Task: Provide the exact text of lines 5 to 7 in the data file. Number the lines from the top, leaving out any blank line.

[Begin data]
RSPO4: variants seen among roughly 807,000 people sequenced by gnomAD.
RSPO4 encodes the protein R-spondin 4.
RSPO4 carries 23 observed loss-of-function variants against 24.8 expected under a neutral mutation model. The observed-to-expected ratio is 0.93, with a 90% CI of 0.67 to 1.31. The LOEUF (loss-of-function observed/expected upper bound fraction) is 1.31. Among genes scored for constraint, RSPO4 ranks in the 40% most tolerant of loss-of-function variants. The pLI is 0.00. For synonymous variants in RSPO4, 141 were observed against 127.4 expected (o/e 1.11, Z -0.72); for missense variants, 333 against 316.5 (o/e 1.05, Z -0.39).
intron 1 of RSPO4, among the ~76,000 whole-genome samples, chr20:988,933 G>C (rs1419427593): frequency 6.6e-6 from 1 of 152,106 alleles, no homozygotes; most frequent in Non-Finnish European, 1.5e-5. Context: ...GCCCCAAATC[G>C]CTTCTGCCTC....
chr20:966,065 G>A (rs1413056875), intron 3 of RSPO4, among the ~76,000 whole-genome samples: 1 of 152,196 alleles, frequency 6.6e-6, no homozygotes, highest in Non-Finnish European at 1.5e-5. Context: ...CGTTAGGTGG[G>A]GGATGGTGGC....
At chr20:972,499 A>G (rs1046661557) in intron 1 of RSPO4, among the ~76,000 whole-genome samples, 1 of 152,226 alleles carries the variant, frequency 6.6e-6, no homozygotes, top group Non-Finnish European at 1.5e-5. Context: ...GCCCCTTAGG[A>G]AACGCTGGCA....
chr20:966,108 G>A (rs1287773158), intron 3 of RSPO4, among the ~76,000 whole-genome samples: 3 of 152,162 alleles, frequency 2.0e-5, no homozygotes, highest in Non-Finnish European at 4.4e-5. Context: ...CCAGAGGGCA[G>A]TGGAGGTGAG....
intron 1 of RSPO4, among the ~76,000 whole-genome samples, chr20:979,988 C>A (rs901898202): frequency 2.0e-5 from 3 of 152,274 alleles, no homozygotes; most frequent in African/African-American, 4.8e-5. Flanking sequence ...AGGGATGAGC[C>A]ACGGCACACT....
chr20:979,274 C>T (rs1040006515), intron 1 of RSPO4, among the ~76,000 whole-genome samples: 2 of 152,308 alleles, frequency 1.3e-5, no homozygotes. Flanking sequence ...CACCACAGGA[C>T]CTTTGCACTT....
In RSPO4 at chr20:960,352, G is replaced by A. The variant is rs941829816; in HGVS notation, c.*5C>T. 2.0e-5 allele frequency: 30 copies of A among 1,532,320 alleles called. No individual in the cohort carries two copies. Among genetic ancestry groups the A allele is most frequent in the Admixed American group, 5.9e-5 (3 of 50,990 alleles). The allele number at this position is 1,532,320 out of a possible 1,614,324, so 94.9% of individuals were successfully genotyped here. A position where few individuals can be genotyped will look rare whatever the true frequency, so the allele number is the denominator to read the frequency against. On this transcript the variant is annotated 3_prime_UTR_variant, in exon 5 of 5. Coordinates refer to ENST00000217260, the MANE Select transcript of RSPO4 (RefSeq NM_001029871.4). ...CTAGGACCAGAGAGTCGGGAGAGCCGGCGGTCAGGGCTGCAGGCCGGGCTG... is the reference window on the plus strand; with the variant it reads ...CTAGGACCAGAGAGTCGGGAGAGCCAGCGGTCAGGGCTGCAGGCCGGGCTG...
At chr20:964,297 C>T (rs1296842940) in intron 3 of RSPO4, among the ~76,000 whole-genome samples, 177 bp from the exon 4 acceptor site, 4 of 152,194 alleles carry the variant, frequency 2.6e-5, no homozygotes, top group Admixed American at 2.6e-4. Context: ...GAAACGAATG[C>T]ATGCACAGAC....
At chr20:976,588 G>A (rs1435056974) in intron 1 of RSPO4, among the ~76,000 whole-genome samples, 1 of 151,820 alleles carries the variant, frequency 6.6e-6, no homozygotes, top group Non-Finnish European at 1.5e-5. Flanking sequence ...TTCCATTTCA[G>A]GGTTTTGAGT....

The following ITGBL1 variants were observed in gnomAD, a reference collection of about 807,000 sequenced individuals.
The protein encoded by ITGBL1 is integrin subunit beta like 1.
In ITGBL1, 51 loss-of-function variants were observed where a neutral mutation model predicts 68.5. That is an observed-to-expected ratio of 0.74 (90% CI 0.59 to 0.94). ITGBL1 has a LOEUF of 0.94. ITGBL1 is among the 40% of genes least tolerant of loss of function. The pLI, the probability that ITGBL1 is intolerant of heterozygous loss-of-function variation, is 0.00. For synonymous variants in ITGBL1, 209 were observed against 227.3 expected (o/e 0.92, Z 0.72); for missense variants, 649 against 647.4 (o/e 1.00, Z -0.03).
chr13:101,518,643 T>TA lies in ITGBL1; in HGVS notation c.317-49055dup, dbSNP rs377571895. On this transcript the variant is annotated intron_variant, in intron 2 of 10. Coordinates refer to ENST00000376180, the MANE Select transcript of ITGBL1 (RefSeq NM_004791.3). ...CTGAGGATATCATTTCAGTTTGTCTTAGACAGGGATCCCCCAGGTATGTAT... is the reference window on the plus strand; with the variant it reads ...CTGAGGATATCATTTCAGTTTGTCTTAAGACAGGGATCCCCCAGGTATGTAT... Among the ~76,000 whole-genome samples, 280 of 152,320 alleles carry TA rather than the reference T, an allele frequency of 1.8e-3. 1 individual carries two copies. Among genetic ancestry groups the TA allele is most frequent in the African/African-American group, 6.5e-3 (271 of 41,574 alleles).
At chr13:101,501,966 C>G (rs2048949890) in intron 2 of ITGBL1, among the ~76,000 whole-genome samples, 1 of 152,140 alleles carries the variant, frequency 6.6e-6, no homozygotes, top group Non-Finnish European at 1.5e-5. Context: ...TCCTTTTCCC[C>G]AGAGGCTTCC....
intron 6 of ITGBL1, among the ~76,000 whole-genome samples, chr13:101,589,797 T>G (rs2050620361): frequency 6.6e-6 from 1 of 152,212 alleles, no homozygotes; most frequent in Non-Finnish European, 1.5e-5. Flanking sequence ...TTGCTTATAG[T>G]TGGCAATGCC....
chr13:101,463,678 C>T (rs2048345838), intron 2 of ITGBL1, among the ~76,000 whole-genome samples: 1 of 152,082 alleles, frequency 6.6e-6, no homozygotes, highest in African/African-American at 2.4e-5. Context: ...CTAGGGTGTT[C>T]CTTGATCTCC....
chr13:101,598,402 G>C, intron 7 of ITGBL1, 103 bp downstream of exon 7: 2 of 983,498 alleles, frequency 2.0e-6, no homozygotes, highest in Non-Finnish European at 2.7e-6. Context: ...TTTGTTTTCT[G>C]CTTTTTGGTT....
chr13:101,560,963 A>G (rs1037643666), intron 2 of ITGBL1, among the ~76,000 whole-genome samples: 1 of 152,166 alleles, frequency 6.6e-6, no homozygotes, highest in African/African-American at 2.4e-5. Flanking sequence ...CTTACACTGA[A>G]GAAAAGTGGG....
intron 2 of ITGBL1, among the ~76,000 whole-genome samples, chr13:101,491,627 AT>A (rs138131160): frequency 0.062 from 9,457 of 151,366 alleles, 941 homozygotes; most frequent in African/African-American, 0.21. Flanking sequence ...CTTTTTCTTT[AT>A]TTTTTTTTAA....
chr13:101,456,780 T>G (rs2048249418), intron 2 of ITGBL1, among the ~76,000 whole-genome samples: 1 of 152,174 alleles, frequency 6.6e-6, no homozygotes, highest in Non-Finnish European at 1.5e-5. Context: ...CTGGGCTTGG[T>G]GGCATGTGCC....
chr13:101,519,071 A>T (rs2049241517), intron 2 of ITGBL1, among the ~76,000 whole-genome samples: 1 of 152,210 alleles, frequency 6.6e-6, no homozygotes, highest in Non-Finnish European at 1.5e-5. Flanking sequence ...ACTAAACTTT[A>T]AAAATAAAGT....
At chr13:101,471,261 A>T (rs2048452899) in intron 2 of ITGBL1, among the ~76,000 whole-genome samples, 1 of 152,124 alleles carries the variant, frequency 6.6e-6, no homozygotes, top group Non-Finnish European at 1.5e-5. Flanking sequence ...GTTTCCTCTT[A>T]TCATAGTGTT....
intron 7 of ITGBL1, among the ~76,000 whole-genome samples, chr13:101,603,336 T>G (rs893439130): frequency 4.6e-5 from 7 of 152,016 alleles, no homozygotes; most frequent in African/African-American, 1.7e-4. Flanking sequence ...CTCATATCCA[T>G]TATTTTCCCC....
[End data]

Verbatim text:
chr20:966,065 G>A (rs1413056875), intron 3 of RSPO4, among the ~76,000 whole-genome samples: 1 of 152,196 alleles, frequency 6.6e-6, no homozygotes, highest in Non-Finnish European at 1.5e-5. Context: ...CGTTAGGTGG[G>A]GGATGGTGGC....
At chr20:972,499 A>G (rs1046661557) in intron 1 of RSPO4, among the ~76,000 whole-genome samples, 1 of 152,226 alleles carries the variant, frequency 6.6e-6, no homozygotes, top group Non-Finnish European at 1.5e-5. Context: ...GCCCCTTAGG[A>G]AACGCTGGCA....
chr20:966,108 G>A (rs1287773158), intron 3 of RSPO4, among the ~76,000 whole-genome samples: 3 of 152,162 alleles, frequency 2.0e-5, no homozygotes, highest in Non-Finnish European at 4.4e-5. Context: ...CCAGAGGGCA[G>A]TGGAGGTGAG....